Thermal recovery of the NIF amplifiers

PDF Version Also Available for Download.

Description

With approximately 99% of the electrical energy supplied to the National Ignition Facility (NIF) appearing as heat in the amplifiers, thermal recovery of the NIF system is a major consideration in the design process. The NIF shot rate is one shot every 8 hours, with a goal of 4 hours between shots. This necessitates that thermal recovery take place in no more than 7 hours, with a goal of 3 hours for the accelerated shot rate. Residual optical distortions, which restrict the shot rate, are grouped into two discrete categories: (1) distortions associated with residual temperature gradients in the laser ... continued below

Physical Description

1.6 Megabytes

Creation Information

Beullier, J; Bicrel,; Erlandson, A; London, R; Manes, K; Marshall, C et al. June 30, 1998.

Context

This article is part of the collection entitled: Office of Scientific & Technical Information Technical Reports and was provided by UNT Libraries Government Documents Department to Digital Library, a digital repository hosted by the UNT Libraries. More information about this article can be viewed below.

Who

People and organizations associated with either the creation of this article or its content.

Publisher

Provided By

UNT Libraries Government Documents Department

Serving as both a federal and a state depository library, the UNT Libraries Government Documents Department maintains millions of items in a variety of formats. The department is a member of the FDLP Content Partnerships Program and an Affiliated Archive of the National Archives.

Contact Us

What

Descriptive information to help identify this article. Follow the links below to find similar items on the Digital Library.

Description

With approximately 99% of the electrical energy supplied to the National Ignition Facility (NIF) appearing as heat in the amplifiers, thermal recovery of the NIF system is a major consideration in the design process. The NIF shot rate is one shot every 8 hours, with a goal of 4 hours between shots. This necessitates that thermal recovery take place in no more than 7 hours, with a goal of 3 hours for the accelerated shot rate. Residual optical distortions, which restrict the shot rate, are grouped into two discrete categories: (1) distortions associated with residual temperature gradients in the laser slabs, and (2) distortions associated with buoyantly driven convective currents in the amplifier cavity and beam-tube regions. Thermal recovery of the amplifiers is achieved by cooling the flashlamps and blastshields with a turbulent gas flow. The cooled blastshields then serve as a cold boundary to radiatively extract the residual heat deposited in the slabs and edge claddings. Advanced concepts, such as the use of slightly chilled gas to accelerate some aspects of recovery, are addressed. To quantify recovery rates of the amplifiers, experiments and numerical models are used to measure and calculate the temperatures and optical distortions in NIF-like amplifier elements. The calculation results are benchmarked against AMLAB temperature measurements, thus allowing a quantitative prediction of NIF thermal recovery. These results indicate that the NIF requirement of 7 hour thermal recovery can be achieved with chilled temperature cooling gas.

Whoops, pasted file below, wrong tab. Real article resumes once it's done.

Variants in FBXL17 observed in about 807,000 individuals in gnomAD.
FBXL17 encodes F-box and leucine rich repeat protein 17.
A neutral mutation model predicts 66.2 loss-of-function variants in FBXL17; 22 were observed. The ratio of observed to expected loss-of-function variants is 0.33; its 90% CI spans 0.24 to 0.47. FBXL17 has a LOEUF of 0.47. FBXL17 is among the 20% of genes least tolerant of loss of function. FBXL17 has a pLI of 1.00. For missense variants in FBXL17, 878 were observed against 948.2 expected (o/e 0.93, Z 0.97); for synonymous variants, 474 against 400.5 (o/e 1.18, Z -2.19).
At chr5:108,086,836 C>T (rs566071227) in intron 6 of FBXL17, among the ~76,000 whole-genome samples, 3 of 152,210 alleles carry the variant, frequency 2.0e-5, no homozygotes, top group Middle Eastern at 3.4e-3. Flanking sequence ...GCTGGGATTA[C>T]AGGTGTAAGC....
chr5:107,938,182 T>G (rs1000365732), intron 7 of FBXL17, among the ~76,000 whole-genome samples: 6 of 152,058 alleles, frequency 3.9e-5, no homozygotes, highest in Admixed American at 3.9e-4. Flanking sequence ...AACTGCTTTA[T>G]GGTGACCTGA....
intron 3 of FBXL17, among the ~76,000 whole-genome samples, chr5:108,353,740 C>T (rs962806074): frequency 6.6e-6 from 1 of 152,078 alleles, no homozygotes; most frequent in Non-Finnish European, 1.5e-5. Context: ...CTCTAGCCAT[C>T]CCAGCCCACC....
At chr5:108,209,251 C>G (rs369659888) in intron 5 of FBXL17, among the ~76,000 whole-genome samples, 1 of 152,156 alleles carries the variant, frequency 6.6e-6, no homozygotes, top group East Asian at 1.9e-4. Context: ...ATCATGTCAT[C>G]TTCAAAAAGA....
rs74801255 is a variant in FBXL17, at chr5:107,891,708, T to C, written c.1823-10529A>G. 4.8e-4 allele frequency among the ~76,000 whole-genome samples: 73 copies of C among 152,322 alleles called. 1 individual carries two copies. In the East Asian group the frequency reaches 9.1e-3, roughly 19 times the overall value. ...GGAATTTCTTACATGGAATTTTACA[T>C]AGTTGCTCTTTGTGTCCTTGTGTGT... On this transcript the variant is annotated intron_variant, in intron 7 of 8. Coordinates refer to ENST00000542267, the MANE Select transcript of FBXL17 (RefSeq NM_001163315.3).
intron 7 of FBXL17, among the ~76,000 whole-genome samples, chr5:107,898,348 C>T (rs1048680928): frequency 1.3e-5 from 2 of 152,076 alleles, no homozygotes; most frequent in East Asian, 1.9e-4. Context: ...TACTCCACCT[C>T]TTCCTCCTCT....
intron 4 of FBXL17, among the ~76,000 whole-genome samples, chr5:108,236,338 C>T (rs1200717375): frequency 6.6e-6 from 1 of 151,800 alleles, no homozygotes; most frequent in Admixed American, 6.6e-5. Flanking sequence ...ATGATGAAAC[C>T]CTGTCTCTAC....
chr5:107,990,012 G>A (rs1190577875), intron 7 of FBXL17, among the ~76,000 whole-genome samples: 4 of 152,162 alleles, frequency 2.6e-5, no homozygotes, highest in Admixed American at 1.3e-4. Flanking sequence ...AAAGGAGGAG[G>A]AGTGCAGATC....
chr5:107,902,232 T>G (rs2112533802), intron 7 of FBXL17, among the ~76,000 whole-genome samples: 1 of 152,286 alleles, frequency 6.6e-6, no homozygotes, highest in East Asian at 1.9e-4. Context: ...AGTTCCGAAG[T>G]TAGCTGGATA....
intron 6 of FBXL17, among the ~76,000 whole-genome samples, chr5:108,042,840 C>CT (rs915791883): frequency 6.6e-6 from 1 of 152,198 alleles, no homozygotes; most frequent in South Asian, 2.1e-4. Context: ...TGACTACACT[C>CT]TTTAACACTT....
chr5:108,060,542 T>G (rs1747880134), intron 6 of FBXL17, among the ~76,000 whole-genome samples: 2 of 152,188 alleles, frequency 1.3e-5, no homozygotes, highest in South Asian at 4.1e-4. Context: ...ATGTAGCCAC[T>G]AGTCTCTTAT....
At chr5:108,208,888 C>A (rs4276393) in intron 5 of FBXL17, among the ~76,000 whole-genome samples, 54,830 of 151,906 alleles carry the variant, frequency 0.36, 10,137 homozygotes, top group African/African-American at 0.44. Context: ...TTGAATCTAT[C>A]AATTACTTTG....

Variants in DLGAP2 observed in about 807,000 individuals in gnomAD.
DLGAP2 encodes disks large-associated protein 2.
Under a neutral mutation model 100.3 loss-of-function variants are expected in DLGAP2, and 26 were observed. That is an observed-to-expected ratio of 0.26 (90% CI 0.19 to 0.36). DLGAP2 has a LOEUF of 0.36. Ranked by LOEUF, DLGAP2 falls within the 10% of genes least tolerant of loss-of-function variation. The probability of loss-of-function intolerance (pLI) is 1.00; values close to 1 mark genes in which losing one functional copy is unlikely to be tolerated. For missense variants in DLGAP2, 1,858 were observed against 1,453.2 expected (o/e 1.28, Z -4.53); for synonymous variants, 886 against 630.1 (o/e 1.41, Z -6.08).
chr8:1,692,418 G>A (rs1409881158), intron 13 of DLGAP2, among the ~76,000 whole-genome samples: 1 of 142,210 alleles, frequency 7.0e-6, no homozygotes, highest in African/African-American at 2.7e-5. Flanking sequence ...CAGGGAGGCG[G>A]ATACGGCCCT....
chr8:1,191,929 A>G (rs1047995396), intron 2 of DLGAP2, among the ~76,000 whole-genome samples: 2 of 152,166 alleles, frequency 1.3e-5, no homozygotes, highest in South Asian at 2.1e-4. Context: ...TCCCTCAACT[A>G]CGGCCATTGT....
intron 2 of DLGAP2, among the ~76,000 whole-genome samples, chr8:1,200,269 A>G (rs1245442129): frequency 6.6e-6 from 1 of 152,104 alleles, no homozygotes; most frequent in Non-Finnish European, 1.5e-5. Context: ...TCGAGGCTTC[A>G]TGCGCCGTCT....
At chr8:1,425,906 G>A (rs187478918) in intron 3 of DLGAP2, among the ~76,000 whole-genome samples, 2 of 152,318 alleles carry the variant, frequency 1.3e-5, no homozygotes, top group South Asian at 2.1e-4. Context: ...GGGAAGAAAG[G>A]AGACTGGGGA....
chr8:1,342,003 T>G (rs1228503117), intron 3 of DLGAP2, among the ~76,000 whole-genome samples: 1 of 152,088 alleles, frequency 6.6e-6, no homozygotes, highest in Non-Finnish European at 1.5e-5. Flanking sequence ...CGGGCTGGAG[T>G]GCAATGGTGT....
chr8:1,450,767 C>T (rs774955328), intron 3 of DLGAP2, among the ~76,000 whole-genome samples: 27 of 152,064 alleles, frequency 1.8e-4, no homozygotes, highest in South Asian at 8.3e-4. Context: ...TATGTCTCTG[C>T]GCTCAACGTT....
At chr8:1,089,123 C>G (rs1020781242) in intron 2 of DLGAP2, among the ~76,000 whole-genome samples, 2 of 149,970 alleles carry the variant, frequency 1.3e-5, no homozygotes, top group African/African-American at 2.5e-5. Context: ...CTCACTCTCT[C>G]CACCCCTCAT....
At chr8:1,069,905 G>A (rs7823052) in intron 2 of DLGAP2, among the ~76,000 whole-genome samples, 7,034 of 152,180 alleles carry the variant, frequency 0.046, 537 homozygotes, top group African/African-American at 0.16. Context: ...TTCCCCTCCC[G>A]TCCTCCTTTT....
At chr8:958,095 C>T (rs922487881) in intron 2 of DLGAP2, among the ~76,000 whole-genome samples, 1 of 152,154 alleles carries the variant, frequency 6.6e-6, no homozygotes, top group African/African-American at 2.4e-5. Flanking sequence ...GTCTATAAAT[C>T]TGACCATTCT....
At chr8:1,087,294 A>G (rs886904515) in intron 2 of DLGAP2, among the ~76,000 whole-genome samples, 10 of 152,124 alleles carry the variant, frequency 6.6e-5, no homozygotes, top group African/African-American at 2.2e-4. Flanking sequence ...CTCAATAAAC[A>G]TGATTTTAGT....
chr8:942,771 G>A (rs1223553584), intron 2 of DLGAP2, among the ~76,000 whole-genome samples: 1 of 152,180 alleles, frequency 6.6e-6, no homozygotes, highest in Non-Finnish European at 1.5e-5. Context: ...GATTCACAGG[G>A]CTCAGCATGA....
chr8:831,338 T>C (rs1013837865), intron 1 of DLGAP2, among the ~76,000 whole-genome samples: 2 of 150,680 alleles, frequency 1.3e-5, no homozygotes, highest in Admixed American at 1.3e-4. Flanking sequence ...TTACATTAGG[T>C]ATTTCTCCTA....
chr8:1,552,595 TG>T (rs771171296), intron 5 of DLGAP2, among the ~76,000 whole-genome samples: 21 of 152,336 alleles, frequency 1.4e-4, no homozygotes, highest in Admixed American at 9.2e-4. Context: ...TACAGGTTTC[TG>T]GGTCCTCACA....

Physical Description

1.6 Megabytes

Source

  • 3rd Annual International Conference on Solid State Lasers for Application (SSLA) to Inertial Confinement Fusion (ICF), Monterey, CA, June 7-12, 1998

Language

Item Type

Identifier

Unique identifying numbers for this article in the Digital Library or other systems.

  • Other: DE00003019
  • Report No.: UCRL-JC-124528--REV-1
  • Grant Number: W-7405-Eng-48
  • Office of Scientific & Technical Information Report Number: 3019
  • Archival Resource Key: ark:/67531/metadc681066

Collections

This article is part of the following collection of related materials.

Office of Scientific & Technical Information Technical Reports

Reports, articles and other documents harvested from the Office of Scientific and Technical Information.

Office of Scientific and Technical Information (OSTI) is the Department of Energy (DOE) office that collects, preserves, and disseminates DOE-sponsored research and development (R&D) results that are the outcomes of R&D projects or other funded activities at DOE labs and facilities nationwide and grantees at universities and other institutions.

What responsibilities do I have when using this article?

When

Dates and time periods associated with this article.

Creation Date

  • June 30, 1998

Added to The UNT Digital Library

  • July 25, 2015, 2:20 a.m.

Description Last Updated

  • May 6, 2016, 11:08 p.m.

Usage Statistics

When was this article last used?

Yesterday: 0
Past 30 days: 0
Total Uses: 10

Interact With This Article

Here are some suggestions for what to do next.

Start Reading

PDF Version Also Available for Download.

International Image Interoperability Framework

IIF Logo

We support the IIIF Presentation API

Beullier, J; Bicrel,; Erlandson, A; London, R; Manes, K; Marshall, C et al. Thermal recovery of the NIF amplifiers, article, June 30, 1998; Livermore, California. (digital.library.unt.edu/ark:/67531/metadc681066/: accessed October 21, 2018), University of North Texas Libraries, Digital Library, digital.library.unt.edu; crediting UNT Libraries Government Documents Department.